As an interior designer, my friend Victor receives gifts and tokens from the local finish and furniture reps on a daily basis. Usually these items are not terribly distinctive; however, last week I saw a tiny bottle of honey sitting on Victor’s desk. I couldn’t help but notice a tag around the neck that read: Herman Miller. “Surely they don’t make this themselves,” I said aloud. But why was an office furniture company giving honey away?
Upon further investigation, I found that Herman Miller does indeed make honey. The story goes something like this:
About ten years ago, Herman Miller opened a new manufacturing facility on a 45 acre plot in Michigan. Designed by well known “green” architect William McDonough, the facility was a model for current and future projects, promoting the company’s philosophy of sound environmental building practices. Dubbed the “Greenhouse,” it was selected by the USBGC as a pilot project for the development of its Leadership in Energy and Environmental Design (LEED) certification process. The Greenhouse was situated in a rolling prairie and landscaped with native vegetation and flowering plants.
Sometime in the spring of 2000, paper wasps began to show up. The wasps became aggressive, threatening workers and visitors to the facility, and eventually made their way into the building. Given the “no pesticide” policy of the Greenhouse, the caretakers of the facility were obliged to find an alternative method for eradicating the pests.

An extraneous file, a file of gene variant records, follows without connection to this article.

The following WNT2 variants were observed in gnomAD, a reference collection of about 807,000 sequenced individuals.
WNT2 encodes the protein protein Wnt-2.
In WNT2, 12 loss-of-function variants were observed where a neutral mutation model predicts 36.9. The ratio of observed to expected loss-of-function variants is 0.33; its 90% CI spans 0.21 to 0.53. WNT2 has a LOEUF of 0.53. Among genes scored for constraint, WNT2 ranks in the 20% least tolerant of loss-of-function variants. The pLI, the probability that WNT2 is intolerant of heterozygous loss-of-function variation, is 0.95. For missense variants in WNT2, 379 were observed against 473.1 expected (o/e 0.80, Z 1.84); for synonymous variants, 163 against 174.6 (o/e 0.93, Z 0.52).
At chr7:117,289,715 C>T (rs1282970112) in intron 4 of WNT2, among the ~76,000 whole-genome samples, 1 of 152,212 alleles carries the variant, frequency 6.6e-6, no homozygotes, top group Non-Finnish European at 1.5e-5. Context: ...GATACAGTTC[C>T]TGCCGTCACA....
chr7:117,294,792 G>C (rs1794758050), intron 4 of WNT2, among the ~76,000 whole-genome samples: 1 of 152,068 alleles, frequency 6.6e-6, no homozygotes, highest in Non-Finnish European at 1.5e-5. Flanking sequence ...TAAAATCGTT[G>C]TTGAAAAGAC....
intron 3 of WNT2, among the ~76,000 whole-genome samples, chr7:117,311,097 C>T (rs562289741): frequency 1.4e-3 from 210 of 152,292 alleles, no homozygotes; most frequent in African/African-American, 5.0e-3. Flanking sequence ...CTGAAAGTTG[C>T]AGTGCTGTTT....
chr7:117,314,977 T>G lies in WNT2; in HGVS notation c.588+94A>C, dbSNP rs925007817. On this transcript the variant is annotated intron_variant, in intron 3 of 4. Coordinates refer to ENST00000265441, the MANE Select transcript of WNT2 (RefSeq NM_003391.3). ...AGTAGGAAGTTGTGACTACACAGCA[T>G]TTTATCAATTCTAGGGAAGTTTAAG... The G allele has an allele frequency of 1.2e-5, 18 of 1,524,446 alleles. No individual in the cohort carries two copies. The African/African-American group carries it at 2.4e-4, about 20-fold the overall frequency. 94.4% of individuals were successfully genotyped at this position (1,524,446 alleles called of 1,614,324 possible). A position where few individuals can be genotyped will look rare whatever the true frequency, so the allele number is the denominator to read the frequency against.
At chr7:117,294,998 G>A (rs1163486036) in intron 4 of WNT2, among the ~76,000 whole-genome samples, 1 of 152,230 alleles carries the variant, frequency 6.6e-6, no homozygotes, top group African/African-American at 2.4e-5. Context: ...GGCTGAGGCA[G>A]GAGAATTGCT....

In addition to the insect problem, many of the flowers that had been planted around the site to enliven the landscape had not produced colorful blooms as expected. After speaking with some experts, the facility caretakers brought in 12 beehives (with approximately 600,000 honeybees) to cross-pollinate the gardens. As an additional bonus, the bees took over the main food source, forcing the wasps to vacate.
And of course, the bees began to make honey.
In 2001, Herman Miller estimated the bees’ honey production to be about 4,800 pounds. While the honey is not currently for sale, it makes a nice souvenir, as well as a symbol of Herman Miller’s environmental commitment. Going beyond responsible product development with their protocol of “Design for the Environment,” Herman Miller strives for sustainability through its entire enterprise.
In 1993, Herman Miller helped fund the start-up of the United States Green Building Council, and has since committed to building or renovating all of its facilities to achieve a minimum LEED silver certification.